How do we move through a crowded train station or busy shopping street? It is often immensely frustrating: usually one simply ploughs ahead with one’s own interests in mind – can I get to platform one in four minutes and catch the next train to New Cross? Firstly I must negotiate my own belongings in order to find my purse and railcard, hiking my bag round from my back and opening the front pocket without dropping my coat, scarf and gloves on the floor. Failing to find the railcard option on the ticket machine I belt over to the ticket office, to negotiate my discount with the woman at the counter. Actually there is no need to plead my case – she informs me the option for Young Person’s Railcard is always there, it hasn’t disappeared as I suspected. Relieved to here the discount still stands, but mystified as to the reason it I could not find it, I negotiate my pride with her – insisting that the option was not on the screen where it normally is, whilst from the other side of the window she disinterestedly replies that it is always there. Realising I do not have time for this – one of us must admit defeat, it appears to be me – I shrug and take my change, thanking her kindly before dashing off, through the gates and towards platform one. I dodge slow walkers, and sprint up the tunnel, slowing down slightly at the sight of a platform wet and slippery with rain. With delicate steps, but still running, I jump onto the last carriage of the train. Now all I have to do is find a seat nearest the front in order to get out nearer the exit at New Cross.
This is exhausting - negotiating spaces, trains, people, machines, time – but it is how one gets from A to B. At a party on Sunday, someone told me of a London Underground map that has been designed to tell you exactly which part of the train to get on, in order to be at the right point to alight nearest the exit, or to change trains. Obsessive, but negotiating time and space just got easier.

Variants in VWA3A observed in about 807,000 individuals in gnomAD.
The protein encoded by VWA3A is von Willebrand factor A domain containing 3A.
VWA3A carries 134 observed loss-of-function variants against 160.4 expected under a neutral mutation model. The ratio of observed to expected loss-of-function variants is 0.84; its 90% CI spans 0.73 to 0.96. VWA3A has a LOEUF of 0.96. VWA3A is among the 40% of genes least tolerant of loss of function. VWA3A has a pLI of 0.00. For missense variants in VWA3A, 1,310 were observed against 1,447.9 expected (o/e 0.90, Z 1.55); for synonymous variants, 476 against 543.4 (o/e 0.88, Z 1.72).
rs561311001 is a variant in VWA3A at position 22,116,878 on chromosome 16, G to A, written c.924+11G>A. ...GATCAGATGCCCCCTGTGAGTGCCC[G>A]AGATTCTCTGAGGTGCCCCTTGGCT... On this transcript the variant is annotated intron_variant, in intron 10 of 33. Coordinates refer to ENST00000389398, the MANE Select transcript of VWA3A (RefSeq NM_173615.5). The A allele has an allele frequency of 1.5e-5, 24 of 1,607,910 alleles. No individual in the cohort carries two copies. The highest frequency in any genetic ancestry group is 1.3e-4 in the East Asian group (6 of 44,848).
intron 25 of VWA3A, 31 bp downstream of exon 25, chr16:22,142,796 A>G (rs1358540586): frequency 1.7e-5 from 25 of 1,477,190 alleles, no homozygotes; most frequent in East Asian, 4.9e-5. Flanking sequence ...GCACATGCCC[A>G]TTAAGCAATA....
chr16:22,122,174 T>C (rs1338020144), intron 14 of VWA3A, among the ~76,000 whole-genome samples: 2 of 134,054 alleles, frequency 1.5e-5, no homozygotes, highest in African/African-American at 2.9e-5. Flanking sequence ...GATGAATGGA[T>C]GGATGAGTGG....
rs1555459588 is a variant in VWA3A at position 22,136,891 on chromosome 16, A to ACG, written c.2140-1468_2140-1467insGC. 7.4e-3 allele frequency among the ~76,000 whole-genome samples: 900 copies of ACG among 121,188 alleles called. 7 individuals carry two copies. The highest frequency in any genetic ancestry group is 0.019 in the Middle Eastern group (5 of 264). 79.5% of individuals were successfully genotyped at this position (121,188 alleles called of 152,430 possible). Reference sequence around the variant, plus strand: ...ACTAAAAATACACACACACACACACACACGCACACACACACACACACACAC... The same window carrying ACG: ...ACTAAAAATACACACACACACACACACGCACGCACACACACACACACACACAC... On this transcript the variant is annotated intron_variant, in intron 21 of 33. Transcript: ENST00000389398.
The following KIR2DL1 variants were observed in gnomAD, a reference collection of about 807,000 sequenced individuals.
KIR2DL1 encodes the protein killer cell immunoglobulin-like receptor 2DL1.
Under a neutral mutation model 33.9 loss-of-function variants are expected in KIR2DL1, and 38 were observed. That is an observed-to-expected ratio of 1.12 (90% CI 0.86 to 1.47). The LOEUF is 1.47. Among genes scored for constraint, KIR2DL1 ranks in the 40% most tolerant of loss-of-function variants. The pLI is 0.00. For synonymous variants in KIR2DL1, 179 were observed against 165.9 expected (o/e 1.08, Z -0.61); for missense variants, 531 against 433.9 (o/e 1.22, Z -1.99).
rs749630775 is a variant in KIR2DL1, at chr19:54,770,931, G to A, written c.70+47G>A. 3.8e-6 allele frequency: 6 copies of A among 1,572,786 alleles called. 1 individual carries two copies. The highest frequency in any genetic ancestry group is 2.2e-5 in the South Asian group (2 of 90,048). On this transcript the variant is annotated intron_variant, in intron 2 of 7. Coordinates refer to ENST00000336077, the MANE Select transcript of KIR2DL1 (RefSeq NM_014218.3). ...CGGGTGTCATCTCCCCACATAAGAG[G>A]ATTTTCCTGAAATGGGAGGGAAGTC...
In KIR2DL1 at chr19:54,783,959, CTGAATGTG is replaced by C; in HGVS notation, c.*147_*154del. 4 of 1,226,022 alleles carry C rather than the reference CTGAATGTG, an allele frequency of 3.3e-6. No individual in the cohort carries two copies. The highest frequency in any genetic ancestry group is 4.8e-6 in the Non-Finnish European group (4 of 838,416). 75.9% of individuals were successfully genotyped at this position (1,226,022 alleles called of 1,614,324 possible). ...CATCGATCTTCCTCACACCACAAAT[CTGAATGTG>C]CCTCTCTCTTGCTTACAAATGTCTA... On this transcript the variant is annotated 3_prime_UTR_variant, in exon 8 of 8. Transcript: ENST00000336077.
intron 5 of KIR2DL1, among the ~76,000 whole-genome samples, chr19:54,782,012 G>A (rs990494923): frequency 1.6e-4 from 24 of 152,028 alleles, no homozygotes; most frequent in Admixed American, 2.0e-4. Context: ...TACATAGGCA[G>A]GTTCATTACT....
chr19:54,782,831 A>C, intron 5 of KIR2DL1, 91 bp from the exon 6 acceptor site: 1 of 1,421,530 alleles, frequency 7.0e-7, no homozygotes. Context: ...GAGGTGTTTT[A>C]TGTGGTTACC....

It strikes me that there are many different kinds and ways of negotiation: through space, with time, relationships, reading, as communication, with language, to make a deal, even and especially with ourselves. The importance of negotiation first struck when I worked with an elderly artist on a re-enactment of a seminal protest work: Gustav Metzger’s 1961 Southbank Demonstration. Nothing could ever be recreated as it was, I would even say that every aspect of the work was completely different. Legendarily difficult to communicate with in every sense, Gustav behaved true to form. Discussions managed via a complicated set of negotiations: a letter sent from me asking him to call on Tuesday morning; I would try to wait at my desk for the phone-call, which I would invariably miss and try desperately to return, in case Gustav was still there, waiting in the telephone-box. Eventually the phone would ring again and after a pause, which instantly signalled the caller, Gustav’s small thin voice would begin: “yes, hello…” and continue to read the box’s number out to me in order for me to call it straight back. Quite often traffic noise or a faulty line would cause problems – he once spent a whole morning walking between boxes in South Kensington til he found one that worked. Negotiating the very means and time of communication often required patience and input from both sides, before we even began to discuss the work itself that came with a whole set of compromises, which I am indebted to the artist to making in order that the event actually came about. As we will spend most of our time at college negotiating ideas, hanging on to some, and letting go of others in order that we create something together, it might be interesting to think about negotiations in the every-day and expanded sense. What is negotiation? What is it for, and when do we use it? When did we learn it, are there times when we forget it? What is our motivation? What are the terms of negotiation, can we use it unselfishly? These are some of the questions that come to mind, googling on the internet came up with a good deal of other areas and questions…
Here are two to begin: